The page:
We''ve all seen the silly demo which has a bunch of balls bouncing around in 3D space...I hope so anyway. It''s a fairly simple/common demo.
What I want is a good algorithm to do collision detection between the balls that are bouncing. Since all the balls are well...balls, I''m saying each one is a particle defined by a sphere of radius R.
When the number of balls is small, it''s fairly simple to check if any of the spheres overlap;
For each x, y, z, get a minimum (coordinate - radius) and a maximum (coordinate + radius). For every other ball, check if the spheres overlap. The order of this is shocking however. N*N*(Number of operations to see if a ball is overlapping another ball).
So I want a more efficient algorithm to achieve this. I''ve had quite a look around and the only real collision detection I can find is based on trying to do collision detection on a polymesh, using cubes or sphere (elipsoids) to approximate the polygons.
Can anyone suggest some reading on this matter?
So far the very best I''ve come up with sorting the balls into a series of trees by x, y, z and then using the binary tree to throw away any balls which are outside the target area. This can reduce the calculations in the best case situation, but on the worst case it''s more calculations and the average case is only something like 2% more efficient. When I actually implement it and use random starting positions and velocities on the balls, I get a comparable time taken for collision detection (1000 balls).
Any thoughts on the matter most welcome. I''m getting quite frustrated by things which say: "Particle Collision Detection Algorithm!" and then spent 30 pages on generating BSPTrees from polymeshs and collision caching and about 1/2 a page on actually doing collision detection.
An idea that comes to mind is to discretize the containing volume and test for collisions within the elements. What I mean is that you divide your volume - the cube within which the balls are bouncing - into a 3D matrix of smaller volumes. You then index through them searching for which balls have their centers encompassed by a cube element, and test those against each other. This has bizarre results for balls that should collide but are in adjacent cubes, so it''s far from perfect but should yield fair results.
If your application is object-oriented, you could even have the individual balls query the cube elements - the one they are in as well as the adjacent cubes - for the coordinates of any occupying balls, and then do collision detection against them.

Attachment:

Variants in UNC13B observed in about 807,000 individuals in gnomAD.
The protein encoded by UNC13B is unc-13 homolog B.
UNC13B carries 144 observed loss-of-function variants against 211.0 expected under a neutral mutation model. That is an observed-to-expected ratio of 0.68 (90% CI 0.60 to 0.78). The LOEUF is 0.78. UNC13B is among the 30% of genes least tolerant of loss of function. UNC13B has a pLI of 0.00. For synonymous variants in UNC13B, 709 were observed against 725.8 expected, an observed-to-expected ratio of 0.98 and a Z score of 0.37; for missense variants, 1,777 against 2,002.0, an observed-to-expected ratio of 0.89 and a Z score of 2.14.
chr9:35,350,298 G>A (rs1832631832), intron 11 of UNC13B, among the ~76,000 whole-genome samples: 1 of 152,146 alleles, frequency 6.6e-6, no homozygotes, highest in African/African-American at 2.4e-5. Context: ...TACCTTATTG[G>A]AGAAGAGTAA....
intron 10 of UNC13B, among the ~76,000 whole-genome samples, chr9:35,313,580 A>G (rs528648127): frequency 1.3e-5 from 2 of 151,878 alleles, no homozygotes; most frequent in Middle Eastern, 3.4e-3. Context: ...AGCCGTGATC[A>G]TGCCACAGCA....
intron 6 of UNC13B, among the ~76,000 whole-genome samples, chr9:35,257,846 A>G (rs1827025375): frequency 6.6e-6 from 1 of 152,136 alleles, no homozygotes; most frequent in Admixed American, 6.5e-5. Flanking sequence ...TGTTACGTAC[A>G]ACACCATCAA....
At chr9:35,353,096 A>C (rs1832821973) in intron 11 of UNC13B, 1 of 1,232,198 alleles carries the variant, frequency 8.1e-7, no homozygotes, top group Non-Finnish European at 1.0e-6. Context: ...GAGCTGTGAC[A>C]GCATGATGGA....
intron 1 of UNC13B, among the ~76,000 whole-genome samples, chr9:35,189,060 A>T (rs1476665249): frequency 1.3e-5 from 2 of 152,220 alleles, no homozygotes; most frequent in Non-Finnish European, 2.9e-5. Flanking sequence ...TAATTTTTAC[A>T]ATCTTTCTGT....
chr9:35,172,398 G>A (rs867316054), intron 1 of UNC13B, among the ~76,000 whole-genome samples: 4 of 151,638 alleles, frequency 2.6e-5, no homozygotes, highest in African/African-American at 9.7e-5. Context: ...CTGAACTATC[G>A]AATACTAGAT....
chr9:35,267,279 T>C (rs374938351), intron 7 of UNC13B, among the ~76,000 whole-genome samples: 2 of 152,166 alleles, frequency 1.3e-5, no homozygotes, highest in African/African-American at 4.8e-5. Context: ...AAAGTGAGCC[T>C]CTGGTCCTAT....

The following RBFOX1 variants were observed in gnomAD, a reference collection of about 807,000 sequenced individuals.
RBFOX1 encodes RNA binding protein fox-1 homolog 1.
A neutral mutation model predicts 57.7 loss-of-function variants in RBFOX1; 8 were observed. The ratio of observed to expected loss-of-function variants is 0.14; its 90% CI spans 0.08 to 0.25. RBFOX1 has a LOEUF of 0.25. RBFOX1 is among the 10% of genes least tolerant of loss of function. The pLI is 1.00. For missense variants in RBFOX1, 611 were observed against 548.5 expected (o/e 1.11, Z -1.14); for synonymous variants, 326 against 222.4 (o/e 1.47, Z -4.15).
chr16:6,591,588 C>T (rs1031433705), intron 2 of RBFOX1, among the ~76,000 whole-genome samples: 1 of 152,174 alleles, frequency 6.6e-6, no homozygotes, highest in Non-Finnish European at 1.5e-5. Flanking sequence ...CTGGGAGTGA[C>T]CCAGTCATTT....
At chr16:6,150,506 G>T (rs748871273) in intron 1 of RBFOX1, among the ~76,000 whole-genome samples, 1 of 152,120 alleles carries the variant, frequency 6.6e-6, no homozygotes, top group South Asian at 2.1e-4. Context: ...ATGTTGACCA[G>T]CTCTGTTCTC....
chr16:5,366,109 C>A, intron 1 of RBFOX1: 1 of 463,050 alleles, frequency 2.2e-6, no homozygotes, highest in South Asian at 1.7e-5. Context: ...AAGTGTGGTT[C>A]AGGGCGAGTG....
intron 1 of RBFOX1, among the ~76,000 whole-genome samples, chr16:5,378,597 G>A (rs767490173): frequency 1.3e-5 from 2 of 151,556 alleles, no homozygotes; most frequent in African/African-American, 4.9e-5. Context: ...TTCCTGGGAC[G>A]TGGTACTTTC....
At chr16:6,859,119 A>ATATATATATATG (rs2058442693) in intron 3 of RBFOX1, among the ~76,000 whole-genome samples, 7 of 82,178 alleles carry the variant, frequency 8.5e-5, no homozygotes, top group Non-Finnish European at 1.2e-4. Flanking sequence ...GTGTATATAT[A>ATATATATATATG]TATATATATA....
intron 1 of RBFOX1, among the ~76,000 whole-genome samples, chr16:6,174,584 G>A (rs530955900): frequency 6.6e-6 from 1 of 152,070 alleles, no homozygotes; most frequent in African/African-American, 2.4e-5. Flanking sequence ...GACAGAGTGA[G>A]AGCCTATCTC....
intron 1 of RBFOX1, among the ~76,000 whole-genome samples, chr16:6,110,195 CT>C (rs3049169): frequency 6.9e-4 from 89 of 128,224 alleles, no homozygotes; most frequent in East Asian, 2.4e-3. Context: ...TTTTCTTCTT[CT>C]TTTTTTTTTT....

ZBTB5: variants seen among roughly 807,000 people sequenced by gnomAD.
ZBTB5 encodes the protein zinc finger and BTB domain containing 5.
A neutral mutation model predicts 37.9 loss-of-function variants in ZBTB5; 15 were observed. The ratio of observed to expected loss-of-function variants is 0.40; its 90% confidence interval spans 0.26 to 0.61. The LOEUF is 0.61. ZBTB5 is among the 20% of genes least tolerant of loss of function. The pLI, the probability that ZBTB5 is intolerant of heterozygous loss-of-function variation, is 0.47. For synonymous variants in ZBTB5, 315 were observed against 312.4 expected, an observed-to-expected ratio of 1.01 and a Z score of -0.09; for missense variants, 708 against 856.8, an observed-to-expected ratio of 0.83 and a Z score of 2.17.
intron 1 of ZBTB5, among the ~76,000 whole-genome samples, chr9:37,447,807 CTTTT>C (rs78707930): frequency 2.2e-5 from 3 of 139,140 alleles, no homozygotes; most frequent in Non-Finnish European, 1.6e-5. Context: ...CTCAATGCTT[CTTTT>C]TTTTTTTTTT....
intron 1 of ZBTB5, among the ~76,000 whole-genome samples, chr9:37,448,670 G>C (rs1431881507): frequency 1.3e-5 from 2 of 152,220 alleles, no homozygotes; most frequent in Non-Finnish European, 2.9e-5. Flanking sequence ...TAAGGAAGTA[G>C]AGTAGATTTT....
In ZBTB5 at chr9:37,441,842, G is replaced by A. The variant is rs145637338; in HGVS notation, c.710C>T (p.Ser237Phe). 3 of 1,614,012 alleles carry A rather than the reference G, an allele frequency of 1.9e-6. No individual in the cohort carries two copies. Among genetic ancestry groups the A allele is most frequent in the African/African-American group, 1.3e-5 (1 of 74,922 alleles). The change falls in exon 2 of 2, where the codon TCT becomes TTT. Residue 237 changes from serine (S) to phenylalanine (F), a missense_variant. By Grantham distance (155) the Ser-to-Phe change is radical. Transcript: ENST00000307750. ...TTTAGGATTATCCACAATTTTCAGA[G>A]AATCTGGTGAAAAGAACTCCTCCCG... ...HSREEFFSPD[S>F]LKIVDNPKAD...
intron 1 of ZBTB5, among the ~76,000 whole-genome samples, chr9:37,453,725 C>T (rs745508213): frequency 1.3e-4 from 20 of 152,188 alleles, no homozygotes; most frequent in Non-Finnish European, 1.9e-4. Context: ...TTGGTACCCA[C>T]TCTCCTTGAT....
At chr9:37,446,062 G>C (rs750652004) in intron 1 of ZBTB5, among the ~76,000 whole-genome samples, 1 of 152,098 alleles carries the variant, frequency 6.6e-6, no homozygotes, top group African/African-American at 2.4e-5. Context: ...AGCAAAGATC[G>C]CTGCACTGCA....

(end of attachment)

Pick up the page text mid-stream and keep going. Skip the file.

You call also simplify your detection by checking the distance between the centers of your spheres rather than for overlap of their volumes. If the vector distance between two balls (centers) is less than twice the radius, there''s been a collision.
Initialize the system by calculating, for each ball, the first time it will hit any other ball. Keep these times in sorted order.
Then, advance the simulation to the time of the next collision (i.e. the first thing on your list). After the collision, recalculate the new collision time for every other ball, update your list accordingly.
With this method you only have to do n comparisons every collision instead of n^2 comparisons every frame. You also get around the problem of fast balls missing collisions because your simulation time was to high and the ball "warped through" the one it was supposed to collide with.
To do this project all the balls onto each axis in turn. E.g. on the x axis this means taking the x coordinate of each ball, adding and subtracting it''s radius and noting the values obtained. Do this for every ball and sort the results. Repeat on the y ans z axes.
As the balls move keep track of these values and keep them sorted. Assuming they are not moving far each frame the sorting may not often change or at most it will require a few exchanges, done by a couple of passes of a bubble sort.
A collision can only occur between two balls when they overlap on all three axes. This greatly reduces the number of pairs that need to be considered, and it''s easy to detect new candidate pairs during sorting, e.g. when the upper bound of one object is swapped with the lower bound of another during sorting.
In general the calculations are quick and scale with the number of particles, e.g. O(n). You do not need to know anything about how the objects move (needed for the time prediction technique) or how they are distributed (needed to fix a grid size). And this works well for other shapes: just use bounding spheres or axiz-aligned bounding boxes for more general objects.
A thing i thought of whilst reading the above "sweet and prune" reply:
Firstly, check only the x-axis for all the balls, and save all overlapping balls found (radius distance checking). Next, move on to the y-axis, and check only the collisions for those balls having collided in the x-axis. Save only the ones that have 'collided' in both x-axis _and_ y-axis. Finally, check the z-axis collision for those balls that still are left. :D